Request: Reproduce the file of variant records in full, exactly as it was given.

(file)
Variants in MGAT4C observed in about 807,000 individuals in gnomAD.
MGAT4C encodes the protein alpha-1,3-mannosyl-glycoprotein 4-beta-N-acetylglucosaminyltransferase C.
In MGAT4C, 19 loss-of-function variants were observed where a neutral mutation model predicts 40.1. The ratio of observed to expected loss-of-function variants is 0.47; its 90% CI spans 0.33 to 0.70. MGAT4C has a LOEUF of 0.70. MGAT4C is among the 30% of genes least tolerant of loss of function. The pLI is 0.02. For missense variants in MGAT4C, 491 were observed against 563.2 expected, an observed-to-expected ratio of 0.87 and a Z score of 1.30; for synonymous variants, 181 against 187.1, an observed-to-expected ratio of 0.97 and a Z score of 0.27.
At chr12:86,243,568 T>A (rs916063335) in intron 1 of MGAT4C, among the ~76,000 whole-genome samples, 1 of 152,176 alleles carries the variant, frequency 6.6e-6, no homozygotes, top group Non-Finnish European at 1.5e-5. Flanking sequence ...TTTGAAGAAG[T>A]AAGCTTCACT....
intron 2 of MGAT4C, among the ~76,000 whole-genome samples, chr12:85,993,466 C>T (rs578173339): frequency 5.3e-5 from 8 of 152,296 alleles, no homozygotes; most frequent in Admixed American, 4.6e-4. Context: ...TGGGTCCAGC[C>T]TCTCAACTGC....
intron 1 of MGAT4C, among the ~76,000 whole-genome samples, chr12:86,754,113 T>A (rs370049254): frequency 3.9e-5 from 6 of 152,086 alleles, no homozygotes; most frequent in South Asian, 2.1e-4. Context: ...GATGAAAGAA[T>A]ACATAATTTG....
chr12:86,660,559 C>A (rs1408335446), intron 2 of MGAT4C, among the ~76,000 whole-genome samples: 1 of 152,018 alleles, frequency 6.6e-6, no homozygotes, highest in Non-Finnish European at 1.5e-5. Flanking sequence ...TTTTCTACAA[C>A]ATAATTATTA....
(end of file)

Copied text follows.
Variants in MGAT4C observed in about 807,000 individuals in gnomAD.
MGAT4C encodes the protein alpha-1,3-mannosyl-glycoprotein 4-beta-N-acetylglucosaminyltransferase C.
In MGAT4C, 19 loss-of-function variants were observed where a neutral mutation model predicts 40.1. The ratio of observed to expected loss-of-function variants is 0.47; its 90% CI spans 0.33 to 0.70. MGAT4C has a LOEUF of 0.70. MGAT4C is among the 30% of genes least tolerant of loss of function. The pLI is 0.02. For missense variants in MGAT4C, 491 were observed against 563.2 expected, an observed-to-expected ratio of 0.87 and a Z score of 1.30; for synonymous variants, 181 against 187.1, an observed-to-expected ratio of 0.97 and a Z score of 0.27.
At chr12:86,243,568 T>A (rs916063335) in intron 1 of MGAT4C, among the ~76,000 whole-genome samples, 1 of 152,176 alleles carries the variant, frequency 6.6e-6, no homozygotes, top group Non-Finnish European at 1.5e-5. Flanking sequence ...TTTGAAGAAG[T>A]AAGCTTCACT....
intron 2 of MGAT4C, among the ~76,000 whole-genome samples, chr12:85,993,466 C>T (rs578173339): frequency 5.3e-5 from 8 of 152,296 alleles, no homozygotes; most frequent in Admixed American, 4.6e-4. Context: ...TGGGTCCAGC[C>T]TCTCAACTGC....
intron 1 of MGAT4C, among the ~76,000 whole-genome samples, chr12:86,754,113 T>A (rs370049254): frequency 3.9e-5 from 6 of 152,086 alleles, no homozygotes; most frequent in South Asian, 2.1e-4. Context: ...GATGAAAGAA[T>A]ACATAATTTG....
chr12:86,660,559 C>A (rs1408335446), intron 2 of MGAT4C, among the ~76,000 whole-genome samples: 1 of 152,018 alleles, frequency 6.6e-6, no homozygotes, highest in Non-Finnish European at 1.5e-5. Flanking sequence ...TTTTCTACAA[C>A]ATAATTATTA....